Monthly Archives: August 2008

Gainers gain, losers lose

Today (Aug 06) Mint carried an article written by one of its columnists which shows how neoliberalism in India has made the rich richer and the poor poorer at the geo-structural level.

The article concludes on the basis of recently released data on “outstanding loans sanctioned in a particular state/region and utilized in that place” – much has changed since India officially took steps towards liberalisation (according to the author, the economy has overall gained), however, “there are winners and losers…, there are some regions that have gained more than others”. What is most significant in the data (which the author does not explicitly recognise) is that it remarkably demonstrates that the geographical hierarchy that prevailed prior to the 1991 counter-revolution persists with hardly any reshuffling, while the vertical gap has tremendously increased. The data is significant since neoliberalism is mainly about financialisation and capital investment through the instruments of usury, debt and the credit system, which seemingly are, what the data perhaps substantiates, “radical means of accumulation by dispossession”, as David Harvey would put.


1. “Comparing the data for end-March 1991 with the recently released numbers for end-March 2007, the northern and western regions have been the biggest gainers in terms of credit growth. In March 1991, the northern region accounted for 18.3% of the total credit outstanding—that percentage rose to 21.9% in March 2007. The western region, which accounted for 27.5% of total credit outstanding in the country in 1991, saw its share rising to 31.5%. The southern region’s share increased modestly from 28.1% to 28.5%. The losers were: the east, with the region’s share down from 12.3% to 8.9%, the central region (which includes Uttar Pradesh), whose share fell from 12% in 1991 to 8.1% in 2007, and the North-East, for which it declined from 1.7% to 1%”.

2. However, the gain in the northern region is virtually sham as “it’s Delhi that gained the most, with its share of credit going up from 7.1% in 1991 to 12% in 2007. The shares of Haryana, Punjab, Himachal Pradesh and Jammu and Kashmir all declined over the period, while that of Rajasthan was flat”.

3. “In the east, West Bengal’s share fell from 7.7% in 1991 to 5.3% in 2007, Bihar’s share (including Jharkhand) decreased from 3% to 2% while Orissa’s share remained flat at 1.6%. In the central region, the share of Uttar Pradesh, or UP (including Uttarakhand) fell from 7.9% to 5.2%, while that of Madhya Pradesh, or MP (including Chhattisgarh) declined from 4.2% to 2.9%”.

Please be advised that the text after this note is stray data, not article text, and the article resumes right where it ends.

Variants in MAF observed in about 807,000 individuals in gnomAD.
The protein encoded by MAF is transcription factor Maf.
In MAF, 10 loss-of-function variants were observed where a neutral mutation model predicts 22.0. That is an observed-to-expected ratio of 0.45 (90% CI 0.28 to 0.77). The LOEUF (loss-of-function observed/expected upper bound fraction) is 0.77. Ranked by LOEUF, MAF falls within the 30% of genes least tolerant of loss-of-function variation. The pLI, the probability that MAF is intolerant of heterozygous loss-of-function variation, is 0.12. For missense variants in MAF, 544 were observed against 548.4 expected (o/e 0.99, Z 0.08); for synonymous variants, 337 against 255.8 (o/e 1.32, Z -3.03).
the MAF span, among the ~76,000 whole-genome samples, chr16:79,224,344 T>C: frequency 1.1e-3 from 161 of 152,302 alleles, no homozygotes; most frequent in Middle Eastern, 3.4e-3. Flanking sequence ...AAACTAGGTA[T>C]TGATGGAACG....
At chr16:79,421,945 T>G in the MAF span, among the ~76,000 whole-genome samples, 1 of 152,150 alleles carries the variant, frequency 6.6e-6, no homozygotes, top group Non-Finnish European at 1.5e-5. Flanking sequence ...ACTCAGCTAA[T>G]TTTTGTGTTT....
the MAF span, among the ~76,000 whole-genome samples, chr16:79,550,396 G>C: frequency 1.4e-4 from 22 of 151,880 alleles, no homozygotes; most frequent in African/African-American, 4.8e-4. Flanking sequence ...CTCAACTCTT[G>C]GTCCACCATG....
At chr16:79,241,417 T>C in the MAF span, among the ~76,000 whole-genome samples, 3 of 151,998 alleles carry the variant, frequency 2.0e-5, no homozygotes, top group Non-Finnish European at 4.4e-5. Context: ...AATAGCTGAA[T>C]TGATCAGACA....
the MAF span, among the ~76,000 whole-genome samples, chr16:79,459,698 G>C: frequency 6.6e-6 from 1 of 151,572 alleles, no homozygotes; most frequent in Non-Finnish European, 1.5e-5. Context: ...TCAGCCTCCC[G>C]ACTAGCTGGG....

4. “In the south, the big beneficiary has been Karnataka—its share went up from 6.4% to 8.8%. Kerala’s share went down from 3.7% to 3.1%, Andhra Pradesh’s from 7.2% to 6.6% and Tamil Nadu’s from 10.6% to 9.9%.

5. “The data also corresponds to the increasing metropolitan focus of credit delivery. The numbers show that 66.1% of credit was utilized in the metropolitan centres in 2007, compared with 46% in 1991. Naturally, this will mean more credit growth in places such as Delhi and Mumbai. That’s probably the result both of the decay of rural India as well as the more rapid growth of these centres”.

6. Comparing the recent data with the distribution of national credit pie during 1981-91, Delhi’s share actually fell “from 10.2% in December 1981 to 7.2% in March 1991. Growth in that period was more uniform, with all the southern states except Kerala gaining modestly during the decade, as did MP, UP, Orissa and Assam”.

7. As for the political conclusion of the above economic phenomenon, the author shivers at the prospect of increasing “demands for redistribution” along with migration. “These will create immense political strains between Indian states and the potential for serious differences.”


    “They have exemplified the saying: To him that hath, more shall be given; and from him that hath not the little that he hath shall be taken away — The rich have become richer, and the poor have become poorer; and the vessel of the state is driven between the Scylla and Charybdis of anarchy and despotism. Such are the effects which must ever flow from an unmitigated exercise of the calculating faculty”. (Shelley, ‘The Defence of Poetry’)